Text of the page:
The Skies of Africa – Part 2, Khwai

Khwai, ahh Kwhai! It remains my favourite part of Botswana (although in all fairness I haven’t visited the entire range of game reserves in the country). There’s just something about this area that I completely fell in love with.

Khwai is part of the Moremi reserve, a drier section of the Okavango Delta. It’s considered one the most magical parts of Botswana, and that’s definitely the effect it had on me. After another short flight across more of the Delta, you come in for a landing at another short sandy strip, and proceed to the entrance to Khwai village, where there’s a scattering of traditional round mud huts with conical thatched roofs, and a small rectangular ‘tuck shop’ where you can restock on AA or AAA camera batteries and possibly a storage disk or two. The mud huts are built with material from disused termite mounds, so they’re as waterproof and weather-resistant as the mounds themselves.

The Khwai villagers used to live in the game reserve itself, but were moved outside of it with the offering of a concession to run the tuck shop, sell their beautiful handwoven basketry, and work as safari staff. At the edge of the village a picturesque, rough log bridge straight out of an adventure movie crosses the Khwai river to take you into the reserve itself.

Our guides let us out at the start of the bridge for photo ops and so we could have the fun of walking across ourselves while they drove the safari vehicles with all of our luggage across, picking us up on the other side. Pretty grey vervet monkeys with charcoal faces tend to hang about the bridge and watch the human antics.

Our second bush camp was set up in a clearing amid acacias and sausage trees. In the distance, from the direction of the river we could hear hippos grunting, and since we were there during rutting season, at night the male impalas snorted at each other for hours not very far from our tents – one night I was tempted to hurl a hiking boot at them.

The landscape of Moremi, and Khwai in particular, is flat and colourful, with thickets of green acacias and mopane interspersed with white termite mounds, gold and russet grasses, blue pools of water and large muddy grey wallows where you can size up your footprint next to an elephant’s.

We often stopped for morning tea in a clearing near the river, watching rust-coloured lechwe antelope graze while Nile crocodiles sunned along the river bank and wading birds strolled through the water.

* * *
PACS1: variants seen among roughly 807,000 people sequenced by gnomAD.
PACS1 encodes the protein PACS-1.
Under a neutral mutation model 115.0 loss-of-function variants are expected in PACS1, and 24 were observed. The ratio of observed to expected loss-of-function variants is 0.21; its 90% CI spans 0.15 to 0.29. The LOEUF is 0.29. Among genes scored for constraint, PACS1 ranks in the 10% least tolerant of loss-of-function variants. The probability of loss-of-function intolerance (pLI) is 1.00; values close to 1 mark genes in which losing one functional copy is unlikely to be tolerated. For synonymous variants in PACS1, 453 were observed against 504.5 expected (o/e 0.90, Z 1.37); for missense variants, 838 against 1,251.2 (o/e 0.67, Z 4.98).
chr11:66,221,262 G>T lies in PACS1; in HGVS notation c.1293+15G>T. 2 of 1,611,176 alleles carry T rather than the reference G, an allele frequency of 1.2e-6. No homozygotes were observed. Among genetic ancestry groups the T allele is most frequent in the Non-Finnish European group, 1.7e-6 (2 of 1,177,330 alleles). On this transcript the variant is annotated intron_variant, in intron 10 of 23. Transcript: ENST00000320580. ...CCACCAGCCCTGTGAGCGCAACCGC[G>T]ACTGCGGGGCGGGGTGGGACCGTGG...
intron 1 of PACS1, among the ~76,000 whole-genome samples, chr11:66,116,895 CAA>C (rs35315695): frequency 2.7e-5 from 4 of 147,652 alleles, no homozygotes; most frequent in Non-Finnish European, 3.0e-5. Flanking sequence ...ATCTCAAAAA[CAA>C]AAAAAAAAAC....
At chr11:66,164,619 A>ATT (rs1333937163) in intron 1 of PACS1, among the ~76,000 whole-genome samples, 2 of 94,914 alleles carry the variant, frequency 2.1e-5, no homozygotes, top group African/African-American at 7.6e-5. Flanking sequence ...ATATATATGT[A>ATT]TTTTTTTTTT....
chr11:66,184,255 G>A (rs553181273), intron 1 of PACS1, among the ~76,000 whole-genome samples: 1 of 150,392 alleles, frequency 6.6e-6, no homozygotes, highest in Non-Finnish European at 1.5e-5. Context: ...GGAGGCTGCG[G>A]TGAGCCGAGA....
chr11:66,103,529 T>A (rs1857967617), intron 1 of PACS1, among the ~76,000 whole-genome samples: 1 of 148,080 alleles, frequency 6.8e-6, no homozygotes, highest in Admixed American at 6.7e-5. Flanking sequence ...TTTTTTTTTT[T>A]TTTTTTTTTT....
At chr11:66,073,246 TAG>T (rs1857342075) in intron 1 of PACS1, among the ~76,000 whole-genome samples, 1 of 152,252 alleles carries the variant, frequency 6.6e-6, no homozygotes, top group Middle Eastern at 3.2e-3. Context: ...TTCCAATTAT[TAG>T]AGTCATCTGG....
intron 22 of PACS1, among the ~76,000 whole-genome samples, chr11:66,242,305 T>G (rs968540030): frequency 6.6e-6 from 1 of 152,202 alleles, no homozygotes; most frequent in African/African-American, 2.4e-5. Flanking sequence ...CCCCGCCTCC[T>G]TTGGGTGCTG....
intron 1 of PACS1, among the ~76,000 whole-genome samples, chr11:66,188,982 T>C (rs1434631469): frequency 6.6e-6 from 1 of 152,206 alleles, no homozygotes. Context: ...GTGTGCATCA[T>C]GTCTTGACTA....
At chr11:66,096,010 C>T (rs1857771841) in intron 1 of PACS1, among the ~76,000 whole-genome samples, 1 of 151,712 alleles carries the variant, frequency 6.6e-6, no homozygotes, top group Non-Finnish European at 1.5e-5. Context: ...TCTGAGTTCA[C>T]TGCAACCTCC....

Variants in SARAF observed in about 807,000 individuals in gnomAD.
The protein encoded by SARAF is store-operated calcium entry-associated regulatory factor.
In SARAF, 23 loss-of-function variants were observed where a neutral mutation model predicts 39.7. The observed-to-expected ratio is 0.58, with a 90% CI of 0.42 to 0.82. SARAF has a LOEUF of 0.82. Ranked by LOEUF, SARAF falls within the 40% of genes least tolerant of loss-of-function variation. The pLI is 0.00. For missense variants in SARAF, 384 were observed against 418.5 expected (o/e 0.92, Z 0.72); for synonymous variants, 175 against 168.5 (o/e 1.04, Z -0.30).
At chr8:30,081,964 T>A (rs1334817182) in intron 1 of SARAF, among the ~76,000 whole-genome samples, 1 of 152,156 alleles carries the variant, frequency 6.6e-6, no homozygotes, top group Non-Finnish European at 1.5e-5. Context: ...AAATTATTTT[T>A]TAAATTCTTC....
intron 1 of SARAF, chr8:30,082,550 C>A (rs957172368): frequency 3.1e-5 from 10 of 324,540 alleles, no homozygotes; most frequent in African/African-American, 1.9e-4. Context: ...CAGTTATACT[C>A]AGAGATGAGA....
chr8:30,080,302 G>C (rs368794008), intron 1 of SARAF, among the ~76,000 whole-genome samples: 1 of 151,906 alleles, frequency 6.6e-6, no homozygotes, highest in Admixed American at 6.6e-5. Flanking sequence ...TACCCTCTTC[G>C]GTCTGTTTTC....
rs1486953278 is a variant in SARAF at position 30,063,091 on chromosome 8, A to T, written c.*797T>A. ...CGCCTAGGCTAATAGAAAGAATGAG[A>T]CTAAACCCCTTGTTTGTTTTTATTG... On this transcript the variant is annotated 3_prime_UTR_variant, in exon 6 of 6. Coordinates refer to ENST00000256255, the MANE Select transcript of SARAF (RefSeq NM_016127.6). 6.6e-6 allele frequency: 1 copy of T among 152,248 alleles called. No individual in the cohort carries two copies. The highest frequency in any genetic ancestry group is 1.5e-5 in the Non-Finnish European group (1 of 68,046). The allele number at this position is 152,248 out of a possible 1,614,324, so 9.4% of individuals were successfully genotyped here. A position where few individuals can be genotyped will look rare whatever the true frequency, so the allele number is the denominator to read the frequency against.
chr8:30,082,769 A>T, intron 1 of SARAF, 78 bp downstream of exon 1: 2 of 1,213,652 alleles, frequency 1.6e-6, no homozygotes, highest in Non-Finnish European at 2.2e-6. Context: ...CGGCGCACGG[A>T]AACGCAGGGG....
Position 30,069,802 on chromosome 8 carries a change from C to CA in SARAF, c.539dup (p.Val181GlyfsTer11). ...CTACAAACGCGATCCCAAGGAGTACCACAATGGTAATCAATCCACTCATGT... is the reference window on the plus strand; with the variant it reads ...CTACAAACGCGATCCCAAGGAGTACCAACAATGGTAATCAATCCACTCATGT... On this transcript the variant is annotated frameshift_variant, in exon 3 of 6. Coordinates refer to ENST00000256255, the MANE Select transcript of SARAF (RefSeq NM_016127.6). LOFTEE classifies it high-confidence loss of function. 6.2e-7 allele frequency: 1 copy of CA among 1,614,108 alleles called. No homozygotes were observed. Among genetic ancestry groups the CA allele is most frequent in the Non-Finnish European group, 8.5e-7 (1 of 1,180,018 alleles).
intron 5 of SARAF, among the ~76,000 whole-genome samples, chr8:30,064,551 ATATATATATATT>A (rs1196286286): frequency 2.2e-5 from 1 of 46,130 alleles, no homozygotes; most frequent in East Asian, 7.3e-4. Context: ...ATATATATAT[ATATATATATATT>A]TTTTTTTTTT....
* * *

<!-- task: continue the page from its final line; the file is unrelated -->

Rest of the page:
Lazy lunches back at camp were followed by naps, journal-writing or a spot of laundering with an afternoon cocktail.

In the late afternoon our guide would take us back out to catch elephants moving through the golden grasses and lions huffing as their pride settled down with the dwindling rays of the sun.

With such a varied terrain, Khwai is truly a birder’s paradise. On our first trip to Botswana we had a birder from Australia in our group, and we soon became as fascinated as he was as our guide pointed out all the exotic-looking birds for the tally. Cranes, African ground hornbills, open-billed storks, spoonbills, pied kingfishers, Egyptian geese, tawny eagles, fish eagles, kori bustards, lilac-breasted rollers… a buffet of birds for spotting.

Open-billed stork
Kori bustard
Lilac-breasted rollers

Our safari company had provided small wildlife journals with descriptions of the animals as well as checklists to mark off everything we spotted. We quickly learned that this was an essential activity – we’d regularly see at least a dozen or more new creatures in a single day, and the only way to remember which was which was to jot notes in the order that you took photos of them!

Nights were cooler there, with less moisture to hold in the heat. I can still remember the feeling of lying snug and warm under my duvet while cool fresh air bathed my face. It was a wonderful way to sleep.